The Ingenuity helicopter is a technology demonstration, and the autonomous test flights will come with risks. NASA wants to ensure the Perseverance rover is a safe distance away from the rotorcraft when it takes off.
There will be a bit of drama after the rover releases the solar-powered helicopter onto the surface.
Ingenuity’s batteries can power the helicopter and keep its internal electronics warm for about 25 hours before they need recharged. The rover will be shading Ingenuity’s solar panels after it releases the aircraft, so it will have to drive away within a day to allow sunlight to illuminate the helicopter, according to Farah Alibay, an engineer who oversees Perseverance’s integration with the Ingenuity helicopter.
“We will go through a number of days of commissioning, approximately a week, where we test out sensors, we test out solar mechanisms, we test the motors to make sure they spin right, and we will be very methodical and even driven as this engineering experiment unfolds,” said Bob Balaram, Ingenuity’s chief engineer at JPL, in a press briefing last week. “And then we will be at a point where we will undertake our first flight and then we will progressively undertake more aggressive flights once we understand and analyze all the behaviors on that first flight.”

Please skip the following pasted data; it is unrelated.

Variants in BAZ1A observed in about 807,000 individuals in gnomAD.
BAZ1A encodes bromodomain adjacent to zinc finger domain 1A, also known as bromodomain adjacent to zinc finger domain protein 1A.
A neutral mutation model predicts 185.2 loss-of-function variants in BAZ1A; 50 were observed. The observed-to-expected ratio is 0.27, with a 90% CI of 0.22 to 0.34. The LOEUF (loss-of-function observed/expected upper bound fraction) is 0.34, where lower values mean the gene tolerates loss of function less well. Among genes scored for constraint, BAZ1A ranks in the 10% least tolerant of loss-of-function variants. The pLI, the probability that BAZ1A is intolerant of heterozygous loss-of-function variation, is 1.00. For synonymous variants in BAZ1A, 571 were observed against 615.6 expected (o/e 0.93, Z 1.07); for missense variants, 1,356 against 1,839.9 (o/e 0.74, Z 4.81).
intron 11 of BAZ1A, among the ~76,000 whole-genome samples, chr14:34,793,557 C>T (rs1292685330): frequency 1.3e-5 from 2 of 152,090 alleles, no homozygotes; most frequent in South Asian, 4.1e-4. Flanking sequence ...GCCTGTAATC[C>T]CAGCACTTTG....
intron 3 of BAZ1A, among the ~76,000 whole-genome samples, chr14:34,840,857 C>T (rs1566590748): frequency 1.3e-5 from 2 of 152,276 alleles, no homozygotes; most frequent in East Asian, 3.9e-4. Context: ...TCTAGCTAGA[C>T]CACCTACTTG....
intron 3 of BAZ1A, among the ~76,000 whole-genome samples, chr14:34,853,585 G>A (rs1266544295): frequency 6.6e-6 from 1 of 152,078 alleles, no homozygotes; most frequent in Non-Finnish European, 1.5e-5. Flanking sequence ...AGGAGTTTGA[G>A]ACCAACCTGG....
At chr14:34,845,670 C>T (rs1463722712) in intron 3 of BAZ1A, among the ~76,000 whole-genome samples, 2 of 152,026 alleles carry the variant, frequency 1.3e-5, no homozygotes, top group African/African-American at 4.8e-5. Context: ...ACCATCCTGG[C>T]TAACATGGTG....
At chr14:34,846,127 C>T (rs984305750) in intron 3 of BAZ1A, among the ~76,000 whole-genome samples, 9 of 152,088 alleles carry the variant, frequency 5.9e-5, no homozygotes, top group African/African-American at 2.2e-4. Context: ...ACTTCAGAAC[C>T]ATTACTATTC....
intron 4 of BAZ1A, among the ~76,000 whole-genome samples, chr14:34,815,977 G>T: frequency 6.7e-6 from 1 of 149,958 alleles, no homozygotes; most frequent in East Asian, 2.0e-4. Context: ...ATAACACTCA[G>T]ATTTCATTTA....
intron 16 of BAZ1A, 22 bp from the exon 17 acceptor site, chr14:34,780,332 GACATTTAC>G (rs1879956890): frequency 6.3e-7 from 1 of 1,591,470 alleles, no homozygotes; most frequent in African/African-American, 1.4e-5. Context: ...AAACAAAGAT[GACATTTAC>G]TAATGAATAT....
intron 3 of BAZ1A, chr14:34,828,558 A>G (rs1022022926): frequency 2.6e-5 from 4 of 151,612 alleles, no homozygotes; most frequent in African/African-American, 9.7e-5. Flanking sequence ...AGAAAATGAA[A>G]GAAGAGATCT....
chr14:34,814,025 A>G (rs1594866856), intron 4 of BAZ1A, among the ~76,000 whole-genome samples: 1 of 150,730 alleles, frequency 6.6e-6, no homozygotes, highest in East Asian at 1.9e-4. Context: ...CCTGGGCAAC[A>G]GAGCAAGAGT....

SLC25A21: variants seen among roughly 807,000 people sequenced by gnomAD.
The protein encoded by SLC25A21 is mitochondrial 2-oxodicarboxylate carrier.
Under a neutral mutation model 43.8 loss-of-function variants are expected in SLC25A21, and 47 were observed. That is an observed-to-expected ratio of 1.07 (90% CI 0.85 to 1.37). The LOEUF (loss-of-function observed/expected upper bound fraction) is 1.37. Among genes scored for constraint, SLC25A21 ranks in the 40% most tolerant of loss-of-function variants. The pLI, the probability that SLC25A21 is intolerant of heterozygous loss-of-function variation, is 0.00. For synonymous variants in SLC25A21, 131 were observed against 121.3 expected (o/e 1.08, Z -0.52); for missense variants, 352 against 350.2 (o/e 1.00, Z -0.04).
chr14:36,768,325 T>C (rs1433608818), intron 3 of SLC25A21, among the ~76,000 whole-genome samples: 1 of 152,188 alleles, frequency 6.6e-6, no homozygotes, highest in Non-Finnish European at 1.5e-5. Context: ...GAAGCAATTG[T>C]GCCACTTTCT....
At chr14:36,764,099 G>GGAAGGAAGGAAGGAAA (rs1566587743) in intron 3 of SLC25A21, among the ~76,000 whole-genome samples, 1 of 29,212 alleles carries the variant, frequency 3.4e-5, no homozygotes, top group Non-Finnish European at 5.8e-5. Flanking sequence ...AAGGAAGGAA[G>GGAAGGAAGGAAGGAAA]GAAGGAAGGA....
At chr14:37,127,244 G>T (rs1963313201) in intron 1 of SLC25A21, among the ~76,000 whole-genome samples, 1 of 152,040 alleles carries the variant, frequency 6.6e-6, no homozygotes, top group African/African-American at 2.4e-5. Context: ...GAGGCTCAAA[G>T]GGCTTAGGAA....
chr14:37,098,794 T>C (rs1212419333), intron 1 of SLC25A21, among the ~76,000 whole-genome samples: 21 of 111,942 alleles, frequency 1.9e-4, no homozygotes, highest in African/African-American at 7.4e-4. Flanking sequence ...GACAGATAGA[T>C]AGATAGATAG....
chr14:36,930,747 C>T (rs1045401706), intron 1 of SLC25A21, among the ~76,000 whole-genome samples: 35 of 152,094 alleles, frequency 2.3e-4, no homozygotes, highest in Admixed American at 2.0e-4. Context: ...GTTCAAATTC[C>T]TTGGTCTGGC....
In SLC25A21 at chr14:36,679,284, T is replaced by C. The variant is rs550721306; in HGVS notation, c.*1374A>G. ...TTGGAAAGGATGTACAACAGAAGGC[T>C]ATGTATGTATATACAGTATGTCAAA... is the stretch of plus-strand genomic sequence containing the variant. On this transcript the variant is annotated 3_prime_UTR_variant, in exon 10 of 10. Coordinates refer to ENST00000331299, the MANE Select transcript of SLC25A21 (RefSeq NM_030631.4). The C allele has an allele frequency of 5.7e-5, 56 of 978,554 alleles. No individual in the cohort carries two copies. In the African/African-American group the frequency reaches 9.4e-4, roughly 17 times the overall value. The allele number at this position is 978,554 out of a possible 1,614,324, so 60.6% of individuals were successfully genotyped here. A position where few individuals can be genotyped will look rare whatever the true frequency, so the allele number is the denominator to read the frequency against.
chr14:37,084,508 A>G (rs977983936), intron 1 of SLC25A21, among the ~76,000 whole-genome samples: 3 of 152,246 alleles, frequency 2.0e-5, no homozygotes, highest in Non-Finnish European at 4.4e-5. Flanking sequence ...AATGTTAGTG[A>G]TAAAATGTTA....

Ingenuity’s counter-rotating rotors span about 4 feet tip-to-tip, and the blades will spin up to 2,537 rpm — more than 40 times per second — while the helicopter remains on the ground, a final test before engineers commit the aircraft to flight.
“Our current best estimate of when the (first) flight could happen is no earlier than about April 8, but things are fluid,” Balaram said last week. “We are very event and experiment driven, so that could be changed by a few days in either direction, but the best guess that we have right now is about April 8.”
Engineers plan up to five test flights, starting with an ascent to an altitude of about 10 feet (3 meters), where the craft will hover for about 30 seconds before making a turn and landing back where it took off. Further test flights will reach a maximum altitude of about 16 feet (5 meters), and introduce forward motion to carry the helicopter down the flight zone and back to its takeoff location.
NASA has set aside one month for the Ingenuity helicopter’s demonstration flights, with the clock starting when the rotorcraft is released onto the surface of Mars.
After the 31-day helicopter test campaign, the Perseverance rover will continue on its primary mission to identify, collect, and seal rock samples for return to Earth by a future mission.
The $2.7 billion Perseverance mission will search for signatures of past life on Mars, test an instrument designed to generate oxygen from carbon dioxide in the Martian atmosphere, and study the geology of the Jezero Crater landing site.
Scientists believe an ancient river flowed into the lake that once filled Jezero Crater. The dried-up river delta, located a little more than a mile from Perseverance’s current location, is the rover’s first major scientific target.